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Getting to know multiplayer

Discussion in 'Civ4 Strategy Articles' started by Gogf, Jul 6, 2006.

  1. Gogf

    Gogf Indescribable

    Oct 12, 2003
    Plane Of Fish Sticks
    Multiplayer is a completely different world from singleplayer, and while playing MP may improve your SP, the inverse is only true to a certain extent. Humans and the AI act completely differently, and it's wise to be aware of the many differences this causes before joining a game.

    Wars: understanding when fighting will and should occur

    Humans will rarely leave a war unless their objective has been reached. If you're invaded by a foe with rifles against maces, they're not going to accept a few gold for peace. Conversely, if a human suddenly offers you peace, they most likely have a very pressing reason to do so. If you've been on the defensive and just got your first cossack, it's better to re-conquer all of your old cities than let your opponent fortify them!

    Unlike AI's, humans are usually very well prepared for wars if they chose to attack. If a competent player declares war on you, expect a sizable stack of well promoted units, not a few improperly promoted out of date ones. Humans are also much better at defending than the AI; you'll need a good stack to launch a successful attack, not just your one first tank.

    Preparedness: knowing when an attack is coming, and being ready

    It's important to always be prepared for an attack. Humans are much more ruthless than the AI, so they will attack you if they see an opportunity. When defending, there are three things that need to be protected:

    1. Cities
    2. Resources
    3. The high ground


    Properly dividing military resources is a game of prioritization. Cities are usually the most important target that must be defended - especially in games with city elimination on - but your one source of metal is more valuable than a worthless tundra city.

    In order to protect cities, always have multiple roads running to and between them. Even before the discovery of Engineering, reinforcements will travel twice as fast. The 50% movement increase along roads is a compelling reason to research Engineering early. Keep a sizable garrison of units in your front cities, but only those you need for happiness in cities that will never be attacked. The AI likes to defend its core cities better because it values them higher. Humans are effect enough at attacking that you'll need to move all of the units to the front that you can.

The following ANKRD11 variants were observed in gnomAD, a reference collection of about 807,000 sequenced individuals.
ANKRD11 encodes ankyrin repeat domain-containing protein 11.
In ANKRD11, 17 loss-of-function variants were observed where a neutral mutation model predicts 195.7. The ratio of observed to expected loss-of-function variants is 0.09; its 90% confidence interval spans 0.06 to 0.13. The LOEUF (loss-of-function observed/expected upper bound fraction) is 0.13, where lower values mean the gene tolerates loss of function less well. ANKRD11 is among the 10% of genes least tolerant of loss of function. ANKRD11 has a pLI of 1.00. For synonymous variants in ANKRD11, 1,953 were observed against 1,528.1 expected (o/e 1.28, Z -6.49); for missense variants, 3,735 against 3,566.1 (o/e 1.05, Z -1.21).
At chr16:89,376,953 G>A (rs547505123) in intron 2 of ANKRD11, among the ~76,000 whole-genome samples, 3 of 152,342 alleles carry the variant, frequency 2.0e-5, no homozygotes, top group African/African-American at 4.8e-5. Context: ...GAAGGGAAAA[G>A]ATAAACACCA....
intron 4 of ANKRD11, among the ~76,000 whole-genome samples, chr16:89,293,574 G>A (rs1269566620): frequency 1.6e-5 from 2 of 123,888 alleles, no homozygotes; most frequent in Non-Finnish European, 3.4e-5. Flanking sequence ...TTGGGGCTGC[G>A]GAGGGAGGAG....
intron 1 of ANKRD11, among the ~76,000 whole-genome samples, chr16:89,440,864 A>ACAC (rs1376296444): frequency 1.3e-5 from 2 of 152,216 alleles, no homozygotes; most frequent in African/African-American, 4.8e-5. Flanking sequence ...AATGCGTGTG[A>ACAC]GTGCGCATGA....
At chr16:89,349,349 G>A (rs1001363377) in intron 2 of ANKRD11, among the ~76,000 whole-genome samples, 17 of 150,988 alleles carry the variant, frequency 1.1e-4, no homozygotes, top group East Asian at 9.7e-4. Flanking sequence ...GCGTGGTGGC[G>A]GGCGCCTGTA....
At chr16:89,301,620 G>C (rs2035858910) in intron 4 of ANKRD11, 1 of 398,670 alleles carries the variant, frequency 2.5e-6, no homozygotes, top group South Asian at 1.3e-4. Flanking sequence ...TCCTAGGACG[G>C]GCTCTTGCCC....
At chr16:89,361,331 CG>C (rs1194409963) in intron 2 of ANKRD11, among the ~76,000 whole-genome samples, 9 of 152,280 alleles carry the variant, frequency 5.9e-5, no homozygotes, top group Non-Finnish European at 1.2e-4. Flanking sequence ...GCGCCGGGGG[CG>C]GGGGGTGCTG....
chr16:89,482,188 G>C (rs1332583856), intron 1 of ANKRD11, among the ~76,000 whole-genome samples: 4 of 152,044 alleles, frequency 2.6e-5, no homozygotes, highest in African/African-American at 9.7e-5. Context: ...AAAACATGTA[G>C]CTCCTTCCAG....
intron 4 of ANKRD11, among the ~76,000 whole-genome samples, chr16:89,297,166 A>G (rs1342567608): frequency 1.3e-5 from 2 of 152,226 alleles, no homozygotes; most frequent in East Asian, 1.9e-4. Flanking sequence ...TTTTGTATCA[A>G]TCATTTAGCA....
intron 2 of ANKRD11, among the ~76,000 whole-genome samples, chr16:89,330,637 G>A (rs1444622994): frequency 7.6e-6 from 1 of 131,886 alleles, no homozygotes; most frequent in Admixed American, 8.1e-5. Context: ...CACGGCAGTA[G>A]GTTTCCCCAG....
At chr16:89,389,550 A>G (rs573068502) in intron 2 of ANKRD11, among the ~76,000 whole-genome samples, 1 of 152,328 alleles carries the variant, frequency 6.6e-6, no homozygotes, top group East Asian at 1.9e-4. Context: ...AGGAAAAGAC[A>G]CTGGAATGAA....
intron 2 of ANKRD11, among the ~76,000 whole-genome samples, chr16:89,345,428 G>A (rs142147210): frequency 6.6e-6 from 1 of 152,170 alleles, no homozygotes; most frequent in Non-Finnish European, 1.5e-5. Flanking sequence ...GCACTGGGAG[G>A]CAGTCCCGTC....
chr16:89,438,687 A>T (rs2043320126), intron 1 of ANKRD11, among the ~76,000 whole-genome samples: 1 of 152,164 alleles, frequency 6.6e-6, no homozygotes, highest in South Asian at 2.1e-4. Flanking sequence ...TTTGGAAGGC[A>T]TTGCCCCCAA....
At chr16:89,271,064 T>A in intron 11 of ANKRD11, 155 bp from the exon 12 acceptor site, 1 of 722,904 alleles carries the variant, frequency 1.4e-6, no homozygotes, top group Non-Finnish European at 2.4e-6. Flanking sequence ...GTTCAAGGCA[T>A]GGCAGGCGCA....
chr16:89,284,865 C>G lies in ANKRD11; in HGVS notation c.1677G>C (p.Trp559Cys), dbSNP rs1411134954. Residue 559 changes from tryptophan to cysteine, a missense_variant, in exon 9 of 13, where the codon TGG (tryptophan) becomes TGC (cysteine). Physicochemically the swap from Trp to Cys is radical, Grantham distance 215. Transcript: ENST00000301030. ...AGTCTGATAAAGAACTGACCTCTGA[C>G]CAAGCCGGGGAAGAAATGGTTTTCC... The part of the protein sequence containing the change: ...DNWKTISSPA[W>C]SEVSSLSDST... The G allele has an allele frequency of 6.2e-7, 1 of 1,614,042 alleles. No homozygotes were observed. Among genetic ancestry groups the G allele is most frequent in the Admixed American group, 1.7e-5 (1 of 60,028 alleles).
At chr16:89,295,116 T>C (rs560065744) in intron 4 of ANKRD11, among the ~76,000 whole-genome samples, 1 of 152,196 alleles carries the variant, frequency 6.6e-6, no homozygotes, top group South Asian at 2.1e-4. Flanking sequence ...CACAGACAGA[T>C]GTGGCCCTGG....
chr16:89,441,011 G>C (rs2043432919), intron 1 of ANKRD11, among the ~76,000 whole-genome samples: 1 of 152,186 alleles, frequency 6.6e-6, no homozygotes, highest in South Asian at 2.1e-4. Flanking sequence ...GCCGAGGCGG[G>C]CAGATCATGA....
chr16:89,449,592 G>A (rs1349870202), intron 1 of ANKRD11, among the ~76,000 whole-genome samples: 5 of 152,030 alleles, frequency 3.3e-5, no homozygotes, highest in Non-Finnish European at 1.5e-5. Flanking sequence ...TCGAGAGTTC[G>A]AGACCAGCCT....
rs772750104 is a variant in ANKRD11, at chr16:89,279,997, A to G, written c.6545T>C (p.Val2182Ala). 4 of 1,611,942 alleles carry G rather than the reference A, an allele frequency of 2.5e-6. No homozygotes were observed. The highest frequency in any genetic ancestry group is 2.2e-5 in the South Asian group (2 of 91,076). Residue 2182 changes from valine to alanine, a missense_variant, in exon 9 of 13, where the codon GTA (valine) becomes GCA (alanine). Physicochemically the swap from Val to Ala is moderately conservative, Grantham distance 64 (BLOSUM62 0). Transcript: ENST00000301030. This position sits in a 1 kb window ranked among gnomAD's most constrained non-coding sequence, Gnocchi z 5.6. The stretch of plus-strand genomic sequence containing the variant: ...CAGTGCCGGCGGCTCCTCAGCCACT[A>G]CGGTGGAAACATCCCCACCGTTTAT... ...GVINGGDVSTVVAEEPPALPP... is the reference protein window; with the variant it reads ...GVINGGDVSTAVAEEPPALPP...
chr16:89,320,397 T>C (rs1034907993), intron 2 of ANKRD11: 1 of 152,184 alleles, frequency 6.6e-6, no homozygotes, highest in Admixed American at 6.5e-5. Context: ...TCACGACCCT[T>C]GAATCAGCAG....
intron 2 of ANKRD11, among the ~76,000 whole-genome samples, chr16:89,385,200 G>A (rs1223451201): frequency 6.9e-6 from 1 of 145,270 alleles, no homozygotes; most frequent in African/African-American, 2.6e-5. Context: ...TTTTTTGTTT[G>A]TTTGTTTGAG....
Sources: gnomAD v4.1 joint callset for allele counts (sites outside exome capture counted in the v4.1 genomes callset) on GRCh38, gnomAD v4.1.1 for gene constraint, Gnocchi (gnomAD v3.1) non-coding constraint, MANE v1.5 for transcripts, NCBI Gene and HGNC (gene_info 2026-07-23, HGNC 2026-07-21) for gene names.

Keeping your main force hidden behind a front city can allow for surprise "ambushes" of an attacker. If what was one turn ago a lightly defended city is suddenly armed to the teeth, the attacker may either move on, hoping for a weaker target, or attack the city even when it is impossible to take. Retreating is always a good option if an attack is doomed to fail.

    Defensive improvements - walls and castles - are effective in forcing the attacker to either have overwhelming force, or bring siege gear in order to take down cities. Attacking and defending units will be roughly equal if they are similarly promoted, but a +100% bonus will swing the odds greatly in favor of the defender.

    While siege gear is clearly enormously important for the attacker, it is equally important for the defender. Being able to soften up an attacking stack before it attacks will help to equalize the effects of collateral damage from the attacker. Beware, though, that if you attack with your siege gear without being able to kill of the enemy's units, you present the opportunity to heal and return at full strength. You will have more time to reinforce, yet your opponent's units will live. Using siege units when you cannot kill the stack is sometimes a necessity for survival, but it should be done only as a last resort.


    There are a variety of wars to protect resources. Founding a front city in front of them so that they won't be threatened is a good idea if you can defend it. If that's not an option, the best defense is usually to keep a small responsive stack - including a fair number of catapults - in the area to kill an attacking stack.